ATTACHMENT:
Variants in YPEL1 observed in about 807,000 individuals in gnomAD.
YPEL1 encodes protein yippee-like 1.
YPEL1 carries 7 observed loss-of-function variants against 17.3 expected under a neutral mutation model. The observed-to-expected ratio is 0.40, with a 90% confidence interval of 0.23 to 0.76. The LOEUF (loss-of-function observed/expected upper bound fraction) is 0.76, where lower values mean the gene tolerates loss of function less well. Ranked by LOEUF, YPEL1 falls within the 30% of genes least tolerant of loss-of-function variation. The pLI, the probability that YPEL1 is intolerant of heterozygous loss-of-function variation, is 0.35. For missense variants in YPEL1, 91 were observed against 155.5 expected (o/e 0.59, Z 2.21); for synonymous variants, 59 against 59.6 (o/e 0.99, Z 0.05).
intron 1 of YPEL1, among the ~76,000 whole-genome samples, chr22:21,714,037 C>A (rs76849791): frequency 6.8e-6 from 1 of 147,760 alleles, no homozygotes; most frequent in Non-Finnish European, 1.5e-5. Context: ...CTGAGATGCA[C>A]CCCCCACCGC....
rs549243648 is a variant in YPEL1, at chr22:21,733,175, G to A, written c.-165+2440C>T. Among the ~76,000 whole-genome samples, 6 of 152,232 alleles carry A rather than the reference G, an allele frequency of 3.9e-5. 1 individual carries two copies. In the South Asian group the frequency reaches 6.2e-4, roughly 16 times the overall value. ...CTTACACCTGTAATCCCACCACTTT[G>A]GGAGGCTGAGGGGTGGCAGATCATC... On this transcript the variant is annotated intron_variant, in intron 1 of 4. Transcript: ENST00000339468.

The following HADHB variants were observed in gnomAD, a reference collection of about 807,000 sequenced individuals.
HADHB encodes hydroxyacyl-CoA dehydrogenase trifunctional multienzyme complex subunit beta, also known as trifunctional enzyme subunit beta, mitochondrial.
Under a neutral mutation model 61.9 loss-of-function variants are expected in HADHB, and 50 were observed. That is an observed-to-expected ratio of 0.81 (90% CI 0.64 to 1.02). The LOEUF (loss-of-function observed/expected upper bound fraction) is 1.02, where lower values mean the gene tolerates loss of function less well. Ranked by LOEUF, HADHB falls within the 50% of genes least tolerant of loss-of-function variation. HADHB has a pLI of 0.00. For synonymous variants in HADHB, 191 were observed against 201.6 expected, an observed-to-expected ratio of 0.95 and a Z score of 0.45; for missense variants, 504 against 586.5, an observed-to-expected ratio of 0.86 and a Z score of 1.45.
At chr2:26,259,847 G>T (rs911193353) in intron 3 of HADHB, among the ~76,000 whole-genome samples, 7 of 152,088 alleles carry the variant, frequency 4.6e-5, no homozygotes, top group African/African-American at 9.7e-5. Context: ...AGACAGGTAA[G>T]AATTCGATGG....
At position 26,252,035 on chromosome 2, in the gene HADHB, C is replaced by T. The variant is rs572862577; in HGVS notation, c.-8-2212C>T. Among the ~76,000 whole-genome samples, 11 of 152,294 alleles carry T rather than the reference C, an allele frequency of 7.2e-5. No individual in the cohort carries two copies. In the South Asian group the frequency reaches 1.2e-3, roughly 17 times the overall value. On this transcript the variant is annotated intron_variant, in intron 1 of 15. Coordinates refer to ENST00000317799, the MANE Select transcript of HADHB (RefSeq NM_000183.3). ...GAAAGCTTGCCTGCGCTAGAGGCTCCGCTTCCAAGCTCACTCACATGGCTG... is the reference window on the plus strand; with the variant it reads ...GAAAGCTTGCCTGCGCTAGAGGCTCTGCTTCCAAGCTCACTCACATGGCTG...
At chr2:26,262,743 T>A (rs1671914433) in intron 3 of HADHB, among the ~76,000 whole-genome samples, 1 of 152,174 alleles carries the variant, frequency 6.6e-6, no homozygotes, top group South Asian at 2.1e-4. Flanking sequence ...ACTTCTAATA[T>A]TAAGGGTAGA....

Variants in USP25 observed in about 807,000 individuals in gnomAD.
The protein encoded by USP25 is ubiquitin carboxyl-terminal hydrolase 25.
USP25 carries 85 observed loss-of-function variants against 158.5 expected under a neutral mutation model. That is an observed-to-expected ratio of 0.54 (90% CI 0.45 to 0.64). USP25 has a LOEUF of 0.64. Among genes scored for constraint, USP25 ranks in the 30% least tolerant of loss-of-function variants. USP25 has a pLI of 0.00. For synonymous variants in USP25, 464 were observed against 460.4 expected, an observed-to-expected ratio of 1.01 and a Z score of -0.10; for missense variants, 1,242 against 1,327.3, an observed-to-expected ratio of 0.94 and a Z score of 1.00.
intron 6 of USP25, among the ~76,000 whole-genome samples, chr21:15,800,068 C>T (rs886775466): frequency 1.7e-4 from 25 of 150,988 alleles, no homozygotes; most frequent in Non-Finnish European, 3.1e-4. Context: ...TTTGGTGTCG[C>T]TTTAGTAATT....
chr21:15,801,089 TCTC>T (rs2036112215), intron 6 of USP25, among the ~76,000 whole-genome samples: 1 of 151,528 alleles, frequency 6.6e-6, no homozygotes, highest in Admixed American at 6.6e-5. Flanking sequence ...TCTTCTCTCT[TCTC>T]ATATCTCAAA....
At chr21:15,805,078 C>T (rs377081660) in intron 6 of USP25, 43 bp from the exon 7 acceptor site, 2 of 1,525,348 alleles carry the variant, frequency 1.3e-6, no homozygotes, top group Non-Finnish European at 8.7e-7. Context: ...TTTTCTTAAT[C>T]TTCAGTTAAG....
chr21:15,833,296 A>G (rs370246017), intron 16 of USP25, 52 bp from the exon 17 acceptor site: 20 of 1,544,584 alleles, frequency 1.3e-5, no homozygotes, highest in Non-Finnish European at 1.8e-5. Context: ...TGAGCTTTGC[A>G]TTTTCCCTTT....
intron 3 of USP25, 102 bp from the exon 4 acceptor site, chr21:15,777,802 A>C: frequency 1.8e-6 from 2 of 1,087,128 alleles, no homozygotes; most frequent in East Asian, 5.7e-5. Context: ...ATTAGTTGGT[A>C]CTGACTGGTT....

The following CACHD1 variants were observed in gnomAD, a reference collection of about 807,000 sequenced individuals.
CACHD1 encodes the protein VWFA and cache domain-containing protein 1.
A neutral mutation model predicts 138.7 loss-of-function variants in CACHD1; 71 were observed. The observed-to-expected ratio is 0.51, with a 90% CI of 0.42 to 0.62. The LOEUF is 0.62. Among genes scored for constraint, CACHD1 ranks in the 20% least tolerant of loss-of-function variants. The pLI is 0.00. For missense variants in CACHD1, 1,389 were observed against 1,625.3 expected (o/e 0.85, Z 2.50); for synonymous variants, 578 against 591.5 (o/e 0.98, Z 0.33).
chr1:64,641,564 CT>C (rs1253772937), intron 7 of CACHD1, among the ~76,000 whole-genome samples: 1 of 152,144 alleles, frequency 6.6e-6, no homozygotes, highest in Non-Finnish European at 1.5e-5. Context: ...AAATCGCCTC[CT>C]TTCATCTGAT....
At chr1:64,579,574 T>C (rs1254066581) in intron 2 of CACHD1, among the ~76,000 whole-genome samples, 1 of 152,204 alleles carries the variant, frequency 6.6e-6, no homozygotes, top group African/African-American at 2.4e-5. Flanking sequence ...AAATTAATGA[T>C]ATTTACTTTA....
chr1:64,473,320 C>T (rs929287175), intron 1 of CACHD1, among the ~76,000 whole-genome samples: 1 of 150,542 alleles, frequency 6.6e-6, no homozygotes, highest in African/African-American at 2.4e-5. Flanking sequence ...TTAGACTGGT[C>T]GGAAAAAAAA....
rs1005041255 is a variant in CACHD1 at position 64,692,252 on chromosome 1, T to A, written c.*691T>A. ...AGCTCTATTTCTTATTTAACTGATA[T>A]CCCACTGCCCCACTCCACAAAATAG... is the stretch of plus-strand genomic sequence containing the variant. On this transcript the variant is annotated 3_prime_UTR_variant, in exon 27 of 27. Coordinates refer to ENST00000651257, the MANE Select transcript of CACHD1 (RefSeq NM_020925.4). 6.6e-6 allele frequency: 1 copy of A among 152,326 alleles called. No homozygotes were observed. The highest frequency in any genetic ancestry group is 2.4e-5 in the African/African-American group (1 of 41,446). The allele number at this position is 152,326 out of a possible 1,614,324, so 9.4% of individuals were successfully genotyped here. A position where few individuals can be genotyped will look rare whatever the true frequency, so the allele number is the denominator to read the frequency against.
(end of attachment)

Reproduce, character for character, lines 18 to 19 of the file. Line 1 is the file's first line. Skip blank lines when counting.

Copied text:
chr21:15,833,296 A>G (rs370246017), intron 16 of USP25, 52 bp from the exon 17 acceptor site: 20 of 1,544,584 alleles, frequency 1.3e-5, no homozygotes, highest in Non-Finnish European at 1.8e-5. Context: ...TGAGCTTTGC[A>G]TTTTCCCTTT....
intron 3 of USP25, 102 bp from the exon 4 acceptor site, chr21:15,777,802 A>C: frequency 1.8e-6 from 2 of 1,087,128 alleles, no homozygotes; most frequent in East Asian, 5.7e-5. Context: ...ATTAGTTGGT[A>C]CTGACTGGTT....